Less than a year into his reign as Manchester United manager, David Moyes has been sacked. I for one have thought that this was coming for a long time. I wasn’t someone who wanted Moyes sacked, but I did think it was inevitable. The arguments against the Scot leaving the club were rather weak. “He needs time” would more often than not be the reply from a Moyes supporter if asked if it were time to relieve him of his duty.
Time, how long is enough time? I have been in numerous discussions about how long is enough time, two years is the most frequent shout, 18 months, three years, he’s had enough time, the latter comment being the one that has grown the more vocal in the recent months and weeks. Starting his career at United, David Moyes expected that he would have time to build his own squad. He expected that he wouldn’t be expected to win the league, win the cups, and dominate in Europe, not just yet anyway. With that said, other expectations were made clear to him. If you believe what the tabloid sports writers say, then qualification for Europe was one.
When Sir Alex left the club, what he left was a shell of a side. The team clearly needed some work done to continue it’s dominance of football in England over the coming years. This is something I can agree with, the squad is clearly not good enough to win the league, the players are a little bit older than last year and in the cases of Rio Ferdinand and Michael Carrick, they probably had one of their best seasons for United last term, and could not be expected to repeat that. Does this mean that the team is where it should be? I don’t think they are, the fall off from being league champions to 7th is far too steep a descent to be considered acceptable.
Poor management of players like RVP, Danny Welbeck, Shinji Kagawa, Rafael has resulted in poor seasons for most, and Danny Welbeck reportedly requesting to leave the club. When the team played against Everton on Saturday, the message emanating from the squad was, “I can’t take this anymore, I don’t even know what we’re meant to be doing?”. These problems are what will always stick out in my mind as why David Moyes is no longer Manchester United manager. While Ed Woodward may not have helped Moyes in the transfer dealings last summer, the poor management of the players in his squad have ultimately spelled his doom.
Along with the poor management and disgruntled players, the unwelcomed stats kept rolling in.
1. United have fewer home points in the league than Norwich and Hull.
2. United have scored 22 goals at home, less than Stoke and West Ham.
3. United have lost to Everton for the first time home and away since 1969/1970.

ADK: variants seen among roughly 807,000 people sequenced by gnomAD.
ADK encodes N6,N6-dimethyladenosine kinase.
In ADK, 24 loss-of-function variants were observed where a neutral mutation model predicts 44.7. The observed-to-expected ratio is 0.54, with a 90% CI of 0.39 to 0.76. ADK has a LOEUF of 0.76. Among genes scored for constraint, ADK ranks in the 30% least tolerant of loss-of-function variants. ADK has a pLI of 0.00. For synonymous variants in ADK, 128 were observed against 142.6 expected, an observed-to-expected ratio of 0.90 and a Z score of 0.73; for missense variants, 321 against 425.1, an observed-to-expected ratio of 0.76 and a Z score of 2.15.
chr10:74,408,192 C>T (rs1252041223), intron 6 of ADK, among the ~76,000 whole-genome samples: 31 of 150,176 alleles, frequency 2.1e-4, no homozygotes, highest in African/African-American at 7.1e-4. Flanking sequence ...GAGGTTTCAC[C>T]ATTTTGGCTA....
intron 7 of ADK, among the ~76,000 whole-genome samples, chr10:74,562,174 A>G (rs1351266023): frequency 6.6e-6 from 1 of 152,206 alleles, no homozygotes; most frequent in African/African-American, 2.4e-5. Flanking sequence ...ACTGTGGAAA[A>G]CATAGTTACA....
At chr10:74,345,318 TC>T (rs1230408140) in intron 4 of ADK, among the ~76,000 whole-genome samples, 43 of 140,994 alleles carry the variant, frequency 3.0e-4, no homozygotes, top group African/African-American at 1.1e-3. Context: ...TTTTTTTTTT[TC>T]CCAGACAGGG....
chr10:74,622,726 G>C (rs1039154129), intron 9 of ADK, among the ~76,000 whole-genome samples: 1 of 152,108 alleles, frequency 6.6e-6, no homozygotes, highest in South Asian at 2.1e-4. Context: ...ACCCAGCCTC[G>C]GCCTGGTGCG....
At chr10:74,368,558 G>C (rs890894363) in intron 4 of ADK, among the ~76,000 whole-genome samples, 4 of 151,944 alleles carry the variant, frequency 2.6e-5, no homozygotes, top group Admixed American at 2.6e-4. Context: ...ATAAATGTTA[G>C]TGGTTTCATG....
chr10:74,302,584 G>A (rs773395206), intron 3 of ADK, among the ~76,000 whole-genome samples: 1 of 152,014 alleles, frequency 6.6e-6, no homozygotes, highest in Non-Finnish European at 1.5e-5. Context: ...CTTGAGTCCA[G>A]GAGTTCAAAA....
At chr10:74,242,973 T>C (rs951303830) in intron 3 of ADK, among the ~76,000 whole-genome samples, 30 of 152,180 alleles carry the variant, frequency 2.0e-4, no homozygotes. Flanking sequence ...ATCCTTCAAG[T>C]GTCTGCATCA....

4. United have lost to Everton, Liverpool & Manchester City home and away in the same season for the first time in the clubs history.
5. United have lost at Old Trafford to Swansea for the first time ever.
6. United have lost three games in a row for the first time since 2001.
7. United have lost at Old Trafford to Newcastle for the first time since 1972.
8. United have failed to qualify for the Champions League for the first time since 1995.
9. United are guaranteed to finish the season with the lowest points tally ever in the Premer League era.
I don’t want this to sound like I believe David Moyes is completely incompetent, I actually think he is a good manager but I don’t believe his style was ever going to work at United. As I said at the start, I never wanted him to be fired but I thought it was inevitable. Every part of me wanted him to be a success, but to do that he would have needed to become more adventurous, something I don’t believe he would ever have done.
This brings me back to my original point, time. While ten months may seem like to short a term for the manager to really make a difference, the point I’m making is that he didn’t need to improve a great deal. His main objective this season should have been to instill a philosophy in the team, get them and the fans to understand his vision. As the months rolled by there were no signs that Moyes was doing this, or even could do this. At that point, with the summer transfer window looming and a proposed budget of 200m to spend on new players, ten months may have been enough.
This is of course only my opinion. I don’t agree with how the sacking was handled; allowing the media finding out before the man himself. I also think that the opportunity for Moyes was the proverbial poisoned chalice as there was always going to be too many comparisons to Sir Alex. I would not be surprised to see David Moyes move on to a new job next season and be very successful.
The future for United is very complicated; rumors of Van Gaal, Simeone, Mourinho, Giggs, and even Ferguson being the next manager are rife. The only certainty for now is that when the weekend comes and Norwich travel to Old Trafford and Ryan Giggs will be in the dugout as manager and player.